Having said that, sometimes when I’m making a book, I like to think of it as something other than a book. So I might think of the book as a kind of toy, or an animation, or a game, or a giant comic strip, or even a little stage play. I always end up with a book, but I sometimes find it easier to pretend that I’m making something else entirely. Some problems are best approached indirectly.
What’s your favorite Procreate feature, and what do you enjoy about using it?
I love the brush engine, but I’m not especially technical, so I mainly use trial and error to get the results I want. But that’s probably why I love it, because it is so responsive and open to trial and error. In general though, I think my favourite thing with Procreate is its general usability and simplicity - the fact that the technology is invisible (or only visible when you want it to to be visible) so I never feel like I’m working with software. It also feels connected to the user’s gestures and hands, to the physical action of drawing and painting, in a very natural and organic way. And perhaps one more: this is quite a minor thing, but when it comes to making books, I feel like I can put the whole book in front of me very easily, just by using the preview mode in the gallery. I can flick through pages to gauge the flow of the story and illustrations and then quickly return to a drawing.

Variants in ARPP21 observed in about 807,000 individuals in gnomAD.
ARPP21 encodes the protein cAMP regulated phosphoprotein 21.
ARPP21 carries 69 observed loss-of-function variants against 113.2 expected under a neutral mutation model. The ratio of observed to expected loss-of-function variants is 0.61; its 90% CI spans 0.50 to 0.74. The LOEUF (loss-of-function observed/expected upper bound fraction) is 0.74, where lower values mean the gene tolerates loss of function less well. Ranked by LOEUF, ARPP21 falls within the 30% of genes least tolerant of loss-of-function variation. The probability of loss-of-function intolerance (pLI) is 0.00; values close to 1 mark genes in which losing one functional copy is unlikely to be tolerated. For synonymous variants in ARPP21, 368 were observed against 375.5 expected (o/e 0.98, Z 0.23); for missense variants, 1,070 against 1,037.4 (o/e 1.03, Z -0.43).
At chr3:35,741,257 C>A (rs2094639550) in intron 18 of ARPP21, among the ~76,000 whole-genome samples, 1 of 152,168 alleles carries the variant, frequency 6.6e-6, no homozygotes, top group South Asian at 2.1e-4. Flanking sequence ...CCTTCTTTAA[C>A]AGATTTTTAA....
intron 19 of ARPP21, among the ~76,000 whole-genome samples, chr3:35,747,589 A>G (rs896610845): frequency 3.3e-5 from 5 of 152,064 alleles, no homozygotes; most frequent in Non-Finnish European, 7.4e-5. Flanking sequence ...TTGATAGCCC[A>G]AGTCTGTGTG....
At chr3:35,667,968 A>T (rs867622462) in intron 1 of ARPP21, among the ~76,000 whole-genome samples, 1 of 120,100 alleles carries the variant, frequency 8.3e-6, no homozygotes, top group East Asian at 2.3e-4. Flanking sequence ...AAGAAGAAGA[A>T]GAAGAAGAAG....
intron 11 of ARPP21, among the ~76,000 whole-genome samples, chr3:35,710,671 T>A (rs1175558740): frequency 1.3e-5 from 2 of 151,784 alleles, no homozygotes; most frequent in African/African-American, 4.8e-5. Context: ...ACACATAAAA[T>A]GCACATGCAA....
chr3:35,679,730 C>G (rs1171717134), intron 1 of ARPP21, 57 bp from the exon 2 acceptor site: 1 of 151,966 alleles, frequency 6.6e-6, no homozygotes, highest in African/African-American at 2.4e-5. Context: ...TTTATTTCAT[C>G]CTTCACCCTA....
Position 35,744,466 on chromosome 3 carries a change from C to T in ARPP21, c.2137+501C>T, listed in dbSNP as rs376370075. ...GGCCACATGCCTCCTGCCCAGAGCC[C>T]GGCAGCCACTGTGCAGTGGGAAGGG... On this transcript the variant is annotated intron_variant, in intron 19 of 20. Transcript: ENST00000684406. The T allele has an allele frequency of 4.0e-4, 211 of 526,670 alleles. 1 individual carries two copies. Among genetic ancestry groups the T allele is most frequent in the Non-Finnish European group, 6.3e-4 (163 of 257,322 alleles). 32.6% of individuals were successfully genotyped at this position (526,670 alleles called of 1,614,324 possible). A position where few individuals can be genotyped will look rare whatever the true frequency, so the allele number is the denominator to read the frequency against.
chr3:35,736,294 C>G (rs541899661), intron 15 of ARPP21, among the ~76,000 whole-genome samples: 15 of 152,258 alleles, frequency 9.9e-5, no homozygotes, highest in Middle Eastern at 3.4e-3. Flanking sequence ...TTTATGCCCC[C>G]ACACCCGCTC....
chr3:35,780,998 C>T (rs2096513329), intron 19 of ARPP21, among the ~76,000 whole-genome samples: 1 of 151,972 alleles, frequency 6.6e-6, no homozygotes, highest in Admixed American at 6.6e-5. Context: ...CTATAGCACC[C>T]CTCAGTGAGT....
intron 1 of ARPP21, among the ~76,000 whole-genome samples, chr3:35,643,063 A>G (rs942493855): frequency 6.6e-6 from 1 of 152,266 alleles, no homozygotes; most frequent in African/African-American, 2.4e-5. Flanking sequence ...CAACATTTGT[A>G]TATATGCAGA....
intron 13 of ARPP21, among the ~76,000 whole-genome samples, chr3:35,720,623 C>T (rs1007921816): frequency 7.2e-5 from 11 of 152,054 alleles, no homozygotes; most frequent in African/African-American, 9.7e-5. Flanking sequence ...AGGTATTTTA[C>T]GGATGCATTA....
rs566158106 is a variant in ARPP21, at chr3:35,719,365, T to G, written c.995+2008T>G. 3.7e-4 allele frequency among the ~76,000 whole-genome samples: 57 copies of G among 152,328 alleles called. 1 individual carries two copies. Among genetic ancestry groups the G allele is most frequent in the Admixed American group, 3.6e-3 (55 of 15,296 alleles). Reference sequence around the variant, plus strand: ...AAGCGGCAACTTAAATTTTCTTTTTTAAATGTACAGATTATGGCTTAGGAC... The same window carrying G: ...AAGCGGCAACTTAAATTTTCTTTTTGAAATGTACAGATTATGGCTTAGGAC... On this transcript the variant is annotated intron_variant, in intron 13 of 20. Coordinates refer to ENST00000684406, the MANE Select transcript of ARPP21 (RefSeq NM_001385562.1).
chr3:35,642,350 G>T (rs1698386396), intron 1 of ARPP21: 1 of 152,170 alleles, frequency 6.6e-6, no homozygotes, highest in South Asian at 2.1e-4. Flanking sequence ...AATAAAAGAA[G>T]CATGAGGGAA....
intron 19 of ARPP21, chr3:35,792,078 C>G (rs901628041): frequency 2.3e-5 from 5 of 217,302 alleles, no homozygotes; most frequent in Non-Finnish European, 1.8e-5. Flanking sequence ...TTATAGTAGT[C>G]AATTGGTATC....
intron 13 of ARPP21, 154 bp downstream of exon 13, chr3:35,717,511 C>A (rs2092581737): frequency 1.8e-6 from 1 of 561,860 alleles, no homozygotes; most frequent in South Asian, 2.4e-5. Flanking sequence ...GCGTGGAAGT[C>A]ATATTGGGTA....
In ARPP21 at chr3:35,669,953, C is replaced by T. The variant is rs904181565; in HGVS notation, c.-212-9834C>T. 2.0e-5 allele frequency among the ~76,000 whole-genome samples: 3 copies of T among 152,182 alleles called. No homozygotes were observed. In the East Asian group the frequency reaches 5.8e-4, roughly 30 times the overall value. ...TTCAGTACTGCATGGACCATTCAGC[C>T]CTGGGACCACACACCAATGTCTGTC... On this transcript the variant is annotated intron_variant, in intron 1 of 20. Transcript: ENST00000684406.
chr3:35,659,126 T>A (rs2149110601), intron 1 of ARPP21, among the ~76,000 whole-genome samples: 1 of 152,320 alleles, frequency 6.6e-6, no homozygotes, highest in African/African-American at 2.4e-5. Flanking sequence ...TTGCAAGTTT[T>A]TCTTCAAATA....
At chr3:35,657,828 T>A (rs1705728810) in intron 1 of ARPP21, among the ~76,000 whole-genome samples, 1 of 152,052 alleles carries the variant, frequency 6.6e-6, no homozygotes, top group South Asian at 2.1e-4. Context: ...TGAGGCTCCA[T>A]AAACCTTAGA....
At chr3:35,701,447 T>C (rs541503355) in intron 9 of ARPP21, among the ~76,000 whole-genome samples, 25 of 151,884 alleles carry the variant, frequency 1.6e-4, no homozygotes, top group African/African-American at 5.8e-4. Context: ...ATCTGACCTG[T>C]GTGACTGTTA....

If you could add one feature to Procreate what would it be?
This is coming from a position of relative ignorance, but could there be some way of incorporating some of the randomness of printmaking into a drawing (maybe I guess as a kind of layer effect)? Perhaps this already exists or can be achieved in a few different steps. In general, though, software seems to be all about control, and making controls finer and more detailed. Yet a lot of art is about embracing some element of randomness. I’m interested in incorporating some random or uncontrolled elements into my own drawings and I’ve wondered how an app like Procreate could incorporate that, and perhaps even make it useful and expressive.
Discover Andrew’s wonderful books and illustrations or create something with one of his activity sheets at andrewjoyner.com.au.